Object Title

Breastplate

Breastplate

Date

1490-1510

Object Number

III.4572

Provenance

Purchased from Peter Dale Limited., 9 August 1993. It is stated to have come from an English house

Physical Description

It is made in one piece with a prominent medial ridge extending from just below the neck to just above the abdomen. It has a bold ,angular, inward turns at the neck and arm-openings, and is flanged at the waist. Each end of the waist-flange is pierced with a rivet-hole for the attachment of a missing fauld. Three smaller holes have subsequently been pierced just to the inside of each of these rivet-holes. The middle one on the right side has broken out to the edge, as have the two inner ones on the left side. A pair of vertically-aligned rivet-holes are pierced at each shoulder for the attachment of missing shoulder-straps. A larger hole has subsequently been pierced just above each of these pairs of holes. The one on the right has now brken out to the edge. Pierced close to the right armpit are five holes for the attachment of a missing lance-rest. The Top three, arranged in a triangular formation, are nearly twice as large as the lower two which are arranged in a diagonal line. Both sides of the breastplate have been bent outwards subsequent to manufacture, with the result that the top of the left side has been broken away. The turn at the left arm-opening has been cracked in two places.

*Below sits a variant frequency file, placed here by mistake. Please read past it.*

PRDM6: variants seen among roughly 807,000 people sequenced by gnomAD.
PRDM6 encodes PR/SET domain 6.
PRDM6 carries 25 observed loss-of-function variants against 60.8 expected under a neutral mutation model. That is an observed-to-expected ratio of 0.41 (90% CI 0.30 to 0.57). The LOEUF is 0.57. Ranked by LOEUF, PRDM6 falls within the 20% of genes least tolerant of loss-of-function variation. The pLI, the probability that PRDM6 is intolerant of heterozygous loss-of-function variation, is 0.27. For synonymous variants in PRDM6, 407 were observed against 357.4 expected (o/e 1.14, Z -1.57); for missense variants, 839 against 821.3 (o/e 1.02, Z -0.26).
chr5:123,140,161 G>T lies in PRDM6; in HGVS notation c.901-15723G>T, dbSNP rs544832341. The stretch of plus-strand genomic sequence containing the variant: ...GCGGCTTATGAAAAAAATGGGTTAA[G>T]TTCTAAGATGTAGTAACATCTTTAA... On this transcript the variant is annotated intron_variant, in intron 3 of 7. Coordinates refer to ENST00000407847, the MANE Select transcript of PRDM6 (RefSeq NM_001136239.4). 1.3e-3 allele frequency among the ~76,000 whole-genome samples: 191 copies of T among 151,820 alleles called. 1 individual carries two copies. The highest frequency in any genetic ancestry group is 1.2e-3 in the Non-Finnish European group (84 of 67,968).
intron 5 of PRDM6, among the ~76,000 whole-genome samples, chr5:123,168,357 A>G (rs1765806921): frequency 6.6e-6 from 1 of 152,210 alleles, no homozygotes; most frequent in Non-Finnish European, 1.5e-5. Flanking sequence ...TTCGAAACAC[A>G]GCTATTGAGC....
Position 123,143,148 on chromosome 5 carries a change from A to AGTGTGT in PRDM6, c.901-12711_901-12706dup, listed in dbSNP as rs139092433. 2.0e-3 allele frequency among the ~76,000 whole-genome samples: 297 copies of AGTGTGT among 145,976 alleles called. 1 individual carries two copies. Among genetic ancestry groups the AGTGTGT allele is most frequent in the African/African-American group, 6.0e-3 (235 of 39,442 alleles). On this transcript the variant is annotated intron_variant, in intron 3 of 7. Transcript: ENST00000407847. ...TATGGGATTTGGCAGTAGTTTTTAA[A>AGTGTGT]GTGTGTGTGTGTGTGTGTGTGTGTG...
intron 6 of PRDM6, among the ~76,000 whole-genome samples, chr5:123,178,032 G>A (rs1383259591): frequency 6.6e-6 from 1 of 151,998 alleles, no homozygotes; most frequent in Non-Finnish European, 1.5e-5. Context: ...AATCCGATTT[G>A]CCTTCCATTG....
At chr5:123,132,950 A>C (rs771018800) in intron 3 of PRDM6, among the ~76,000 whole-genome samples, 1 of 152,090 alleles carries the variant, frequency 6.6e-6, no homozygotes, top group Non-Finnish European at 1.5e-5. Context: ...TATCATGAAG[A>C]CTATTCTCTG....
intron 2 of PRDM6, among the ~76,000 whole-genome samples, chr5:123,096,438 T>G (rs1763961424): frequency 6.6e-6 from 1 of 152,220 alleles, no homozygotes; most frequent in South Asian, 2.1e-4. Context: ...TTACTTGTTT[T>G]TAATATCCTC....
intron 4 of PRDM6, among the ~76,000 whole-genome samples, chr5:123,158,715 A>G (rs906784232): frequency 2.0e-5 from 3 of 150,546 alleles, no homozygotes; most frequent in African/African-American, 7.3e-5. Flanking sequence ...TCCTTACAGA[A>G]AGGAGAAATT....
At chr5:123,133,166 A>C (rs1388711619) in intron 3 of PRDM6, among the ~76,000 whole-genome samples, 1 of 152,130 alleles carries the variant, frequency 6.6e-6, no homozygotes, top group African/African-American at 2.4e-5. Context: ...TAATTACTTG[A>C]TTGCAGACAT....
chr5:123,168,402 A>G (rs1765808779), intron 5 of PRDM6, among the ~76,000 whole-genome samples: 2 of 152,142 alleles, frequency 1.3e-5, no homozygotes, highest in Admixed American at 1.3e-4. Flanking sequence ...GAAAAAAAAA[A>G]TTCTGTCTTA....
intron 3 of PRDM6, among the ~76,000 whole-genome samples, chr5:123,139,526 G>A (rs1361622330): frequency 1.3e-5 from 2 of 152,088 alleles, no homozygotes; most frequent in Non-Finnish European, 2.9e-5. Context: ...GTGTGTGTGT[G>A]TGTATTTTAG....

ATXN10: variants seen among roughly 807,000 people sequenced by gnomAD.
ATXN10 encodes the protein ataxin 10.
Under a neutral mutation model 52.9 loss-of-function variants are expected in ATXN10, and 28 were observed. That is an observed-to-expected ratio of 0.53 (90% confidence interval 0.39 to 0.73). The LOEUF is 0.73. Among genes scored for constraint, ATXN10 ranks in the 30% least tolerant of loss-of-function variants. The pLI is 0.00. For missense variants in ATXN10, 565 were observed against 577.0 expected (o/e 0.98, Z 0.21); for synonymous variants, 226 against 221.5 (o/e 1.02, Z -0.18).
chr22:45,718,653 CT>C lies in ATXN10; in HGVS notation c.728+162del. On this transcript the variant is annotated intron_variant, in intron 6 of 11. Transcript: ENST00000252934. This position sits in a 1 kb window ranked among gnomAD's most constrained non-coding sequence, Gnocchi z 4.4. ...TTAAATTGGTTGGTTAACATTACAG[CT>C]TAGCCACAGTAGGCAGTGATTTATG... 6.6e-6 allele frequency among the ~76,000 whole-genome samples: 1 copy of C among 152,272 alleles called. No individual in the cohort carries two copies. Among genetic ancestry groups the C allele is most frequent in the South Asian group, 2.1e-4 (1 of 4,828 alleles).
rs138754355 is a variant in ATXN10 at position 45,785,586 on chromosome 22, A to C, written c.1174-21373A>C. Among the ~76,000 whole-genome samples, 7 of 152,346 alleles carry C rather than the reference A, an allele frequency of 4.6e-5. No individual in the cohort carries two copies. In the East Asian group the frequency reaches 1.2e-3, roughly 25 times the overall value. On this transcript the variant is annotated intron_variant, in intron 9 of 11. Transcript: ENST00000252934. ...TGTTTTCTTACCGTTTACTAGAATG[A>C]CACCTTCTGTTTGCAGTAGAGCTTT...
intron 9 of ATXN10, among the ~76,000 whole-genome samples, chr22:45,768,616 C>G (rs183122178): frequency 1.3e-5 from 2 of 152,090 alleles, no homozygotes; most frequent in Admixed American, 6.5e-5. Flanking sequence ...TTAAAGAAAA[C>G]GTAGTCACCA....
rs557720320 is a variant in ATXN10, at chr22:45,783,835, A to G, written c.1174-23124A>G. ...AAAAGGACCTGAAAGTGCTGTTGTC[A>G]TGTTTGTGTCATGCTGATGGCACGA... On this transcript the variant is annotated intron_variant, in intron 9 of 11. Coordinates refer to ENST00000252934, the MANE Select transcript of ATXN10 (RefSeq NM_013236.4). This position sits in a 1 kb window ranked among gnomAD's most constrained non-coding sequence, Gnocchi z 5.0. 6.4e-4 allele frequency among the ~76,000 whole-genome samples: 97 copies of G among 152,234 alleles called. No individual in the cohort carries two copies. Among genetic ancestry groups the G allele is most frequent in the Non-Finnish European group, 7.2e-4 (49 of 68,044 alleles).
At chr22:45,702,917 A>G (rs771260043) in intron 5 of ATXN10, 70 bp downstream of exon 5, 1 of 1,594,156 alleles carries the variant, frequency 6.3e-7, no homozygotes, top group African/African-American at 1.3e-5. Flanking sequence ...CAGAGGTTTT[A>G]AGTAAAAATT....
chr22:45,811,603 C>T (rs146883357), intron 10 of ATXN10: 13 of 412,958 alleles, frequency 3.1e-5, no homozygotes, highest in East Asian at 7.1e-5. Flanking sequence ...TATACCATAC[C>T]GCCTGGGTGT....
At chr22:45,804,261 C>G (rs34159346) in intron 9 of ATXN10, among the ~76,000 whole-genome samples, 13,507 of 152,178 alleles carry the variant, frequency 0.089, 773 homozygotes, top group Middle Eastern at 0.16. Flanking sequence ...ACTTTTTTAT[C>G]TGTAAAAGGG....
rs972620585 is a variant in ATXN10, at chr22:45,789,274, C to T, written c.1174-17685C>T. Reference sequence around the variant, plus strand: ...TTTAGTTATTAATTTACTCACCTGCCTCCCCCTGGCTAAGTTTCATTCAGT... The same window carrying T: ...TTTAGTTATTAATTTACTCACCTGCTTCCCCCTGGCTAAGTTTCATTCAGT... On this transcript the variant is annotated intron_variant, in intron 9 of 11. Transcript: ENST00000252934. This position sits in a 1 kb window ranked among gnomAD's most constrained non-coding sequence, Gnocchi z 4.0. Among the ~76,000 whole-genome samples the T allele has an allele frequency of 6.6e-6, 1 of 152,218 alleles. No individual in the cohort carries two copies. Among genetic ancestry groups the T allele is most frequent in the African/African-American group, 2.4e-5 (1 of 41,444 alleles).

Bright with heavy rust-pits, especially at the centre and the right side.

Dimensions

Dimensions: Max. Height: 39.7 cm (15.6 in), Max. Width: 37.0 cm (14.5 in), Max. Depth: 17.0 cm (9.7 in) Weight: 3.07 Kg (6 lb 12 oz)

Inscriptions and Marks

None.

Associations

Places Flanders

Notes

The breastplate is of almost identical form to one formerly preserved in the armoury of the Tollemache family at Helmingham Hall, Suffolk. In the 19th century it was transferred by the family to the newly-built imitation medieval castle at Peckforton, Cheshire. It was sold from there as part of a composite armour by Christies, London, 14 May 1953, Lot 109. Shortly after the sale, the purchaser of the lot, T. J. Gregory, sold it to Claude Blair (Arms & Armour Society, 'The Art of the Armourer', Victoria & Albert Museum, London, 1963, p. 11, cat. no.9, illustrated).